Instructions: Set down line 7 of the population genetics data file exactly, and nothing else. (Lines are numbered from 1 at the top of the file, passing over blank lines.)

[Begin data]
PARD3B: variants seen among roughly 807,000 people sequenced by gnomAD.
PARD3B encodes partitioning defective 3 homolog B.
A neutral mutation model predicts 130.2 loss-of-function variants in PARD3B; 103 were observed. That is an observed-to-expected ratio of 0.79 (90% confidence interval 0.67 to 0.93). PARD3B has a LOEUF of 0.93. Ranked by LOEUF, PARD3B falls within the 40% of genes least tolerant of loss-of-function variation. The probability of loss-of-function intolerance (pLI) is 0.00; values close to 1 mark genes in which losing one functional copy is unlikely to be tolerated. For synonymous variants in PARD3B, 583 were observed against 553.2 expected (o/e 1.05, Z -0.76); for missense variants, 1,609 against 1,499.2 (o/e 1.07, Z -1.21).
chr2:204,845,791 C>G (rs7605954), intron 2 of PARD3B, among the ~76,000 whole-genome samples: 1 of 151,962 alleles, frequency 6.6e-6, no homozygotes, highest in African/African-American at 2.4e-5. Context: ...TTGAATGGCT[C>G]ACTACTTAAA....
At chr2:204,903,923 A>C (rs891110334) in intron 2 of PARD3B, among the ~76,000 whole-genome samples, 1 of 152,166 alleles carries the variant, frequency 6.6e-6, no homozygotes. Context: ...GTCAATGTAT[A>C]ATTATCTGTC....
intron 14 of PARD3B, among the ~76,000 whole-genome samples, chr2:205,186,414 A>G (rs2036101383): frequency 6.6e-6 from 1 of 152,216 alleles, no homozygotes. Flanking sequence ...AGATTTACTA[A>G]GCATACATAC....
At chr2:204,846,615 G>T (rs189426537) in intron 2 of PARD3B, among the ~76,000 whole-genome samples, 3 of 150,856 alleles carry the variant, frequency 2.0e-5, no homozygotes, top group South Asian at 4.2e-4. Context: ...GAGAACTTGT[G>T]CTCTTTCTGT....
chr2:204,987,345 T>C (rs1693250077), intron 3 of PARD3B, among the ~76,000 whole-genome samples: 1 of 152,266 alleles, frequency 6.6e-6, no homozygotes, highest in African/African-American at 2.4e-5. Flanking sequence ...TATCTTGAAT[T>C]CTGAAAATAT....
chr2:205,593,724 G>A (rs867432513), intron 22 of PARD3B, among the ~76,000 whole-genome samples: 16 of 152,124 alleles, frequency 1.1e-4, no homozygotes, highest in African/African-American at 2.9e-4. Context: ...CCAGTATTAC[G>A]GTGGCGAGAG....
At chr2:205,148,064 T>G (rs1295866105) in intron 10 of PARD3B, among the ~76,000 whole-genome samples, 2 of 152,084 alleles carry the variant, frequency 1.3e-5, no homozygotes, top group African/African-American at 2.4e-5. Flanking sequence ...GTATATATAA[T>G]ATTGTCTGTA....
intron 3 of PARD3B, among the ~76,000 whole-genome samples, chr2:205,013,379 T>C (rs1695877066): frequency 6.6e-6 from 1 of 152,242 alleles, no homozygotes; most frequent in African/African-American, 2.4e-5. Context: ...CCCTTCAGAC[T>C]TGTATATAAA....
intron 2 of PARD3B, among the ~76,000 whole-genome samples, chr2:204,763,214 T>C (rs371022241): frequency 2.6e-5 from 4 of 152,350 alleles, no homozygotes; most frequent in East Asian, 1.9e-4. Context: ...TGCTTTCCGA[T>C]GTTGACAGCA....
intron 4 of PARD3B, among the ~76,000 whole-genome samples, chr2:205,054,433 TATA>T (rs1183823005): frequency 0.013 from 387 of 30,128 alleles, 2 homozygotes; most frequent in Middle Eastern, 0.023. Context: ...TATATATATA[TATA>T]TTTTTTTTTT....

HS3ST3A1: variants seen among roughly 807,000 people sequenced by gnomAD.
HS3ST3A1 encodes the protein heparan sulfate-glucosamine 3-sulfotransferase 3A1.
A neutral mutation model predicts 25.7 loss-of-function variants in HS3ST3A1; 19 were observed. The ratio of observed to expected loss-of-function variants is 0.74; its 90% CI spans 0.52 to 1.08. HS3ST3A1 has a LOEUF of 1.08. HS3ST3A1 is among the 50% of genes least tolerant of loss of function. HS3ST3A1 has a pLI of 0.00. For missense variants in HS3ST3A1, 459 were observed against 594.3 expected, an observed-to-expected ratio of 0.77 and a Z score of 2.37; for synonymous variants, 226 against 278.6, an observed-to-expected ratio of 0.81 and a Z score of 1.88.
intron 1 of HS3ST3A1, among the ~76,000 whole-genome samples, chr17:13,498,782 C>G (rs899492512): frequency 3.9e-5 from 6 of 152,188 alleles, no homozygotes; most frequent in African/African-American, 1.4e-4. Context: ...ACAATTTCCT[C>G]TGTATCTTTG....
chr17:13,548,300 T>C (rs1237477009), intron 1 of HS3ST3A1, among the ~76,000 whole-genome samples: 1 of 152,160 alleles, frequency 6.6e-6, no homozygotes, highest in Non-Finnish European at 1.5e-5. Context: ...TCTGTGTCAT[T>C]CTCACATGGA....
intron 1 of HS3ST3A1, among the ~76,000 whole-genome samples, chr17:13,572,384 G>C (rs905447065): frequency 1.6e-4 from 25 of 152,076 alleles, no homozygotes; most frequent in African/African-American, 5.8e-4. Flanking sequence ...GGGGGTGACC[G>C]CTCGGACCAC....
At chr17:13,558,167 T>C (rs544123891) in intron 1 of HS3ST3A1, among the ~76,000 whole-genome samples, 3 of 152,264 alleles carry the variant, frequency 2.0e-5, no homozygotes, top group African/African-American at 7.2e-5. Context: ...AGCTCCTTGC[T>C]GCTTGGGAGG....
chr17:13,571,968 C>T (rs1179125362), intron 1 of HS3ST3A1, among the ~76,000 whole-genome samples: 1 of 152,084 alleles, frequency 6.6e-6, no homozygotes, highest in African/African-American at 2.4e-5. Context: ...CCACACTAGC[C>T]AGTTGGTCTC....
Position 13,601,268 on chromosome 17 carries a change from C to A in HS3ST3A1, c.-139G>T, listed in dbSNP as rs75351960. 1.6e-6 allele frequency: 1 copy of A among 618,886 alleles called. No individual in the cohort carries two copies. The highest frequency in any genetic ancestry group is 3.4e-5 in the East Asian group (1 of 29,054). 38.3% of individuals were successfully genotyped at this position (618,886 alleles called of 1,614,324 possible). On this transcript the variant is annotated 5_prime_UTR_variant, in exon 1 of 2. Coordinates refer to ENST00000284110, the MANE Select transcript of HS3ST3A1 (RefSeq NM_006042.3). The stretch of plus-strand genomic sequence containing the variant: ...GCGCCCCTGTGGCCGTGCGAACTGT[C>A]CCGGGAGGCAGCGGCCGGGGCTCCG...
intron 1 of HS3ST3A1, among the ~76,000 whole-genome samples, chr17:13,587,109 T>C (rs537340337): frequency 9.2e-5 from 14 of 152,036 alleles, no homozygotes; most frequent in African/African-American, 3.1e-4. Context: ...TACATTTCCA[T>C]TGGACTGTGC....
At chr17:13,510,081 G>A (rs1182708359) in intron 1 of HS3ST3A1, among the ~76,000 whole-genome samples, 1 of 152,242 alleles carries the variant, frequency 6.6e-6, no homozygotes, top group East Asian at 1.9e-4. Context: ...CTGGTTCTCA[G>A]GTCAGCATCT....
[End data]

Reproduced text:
At chr2:204,846,615 G>T (rs189426537) in intron 2 of PARD3B, among the ~76,000 whole-genome samples, 3 of 150,856 alleles carry the variant, frequency 2.0e-5, no homozygotes, top group South Asian at 4.2e-4. Context: ...GAGAACTTGT[G>T]CTCTTTCTGT....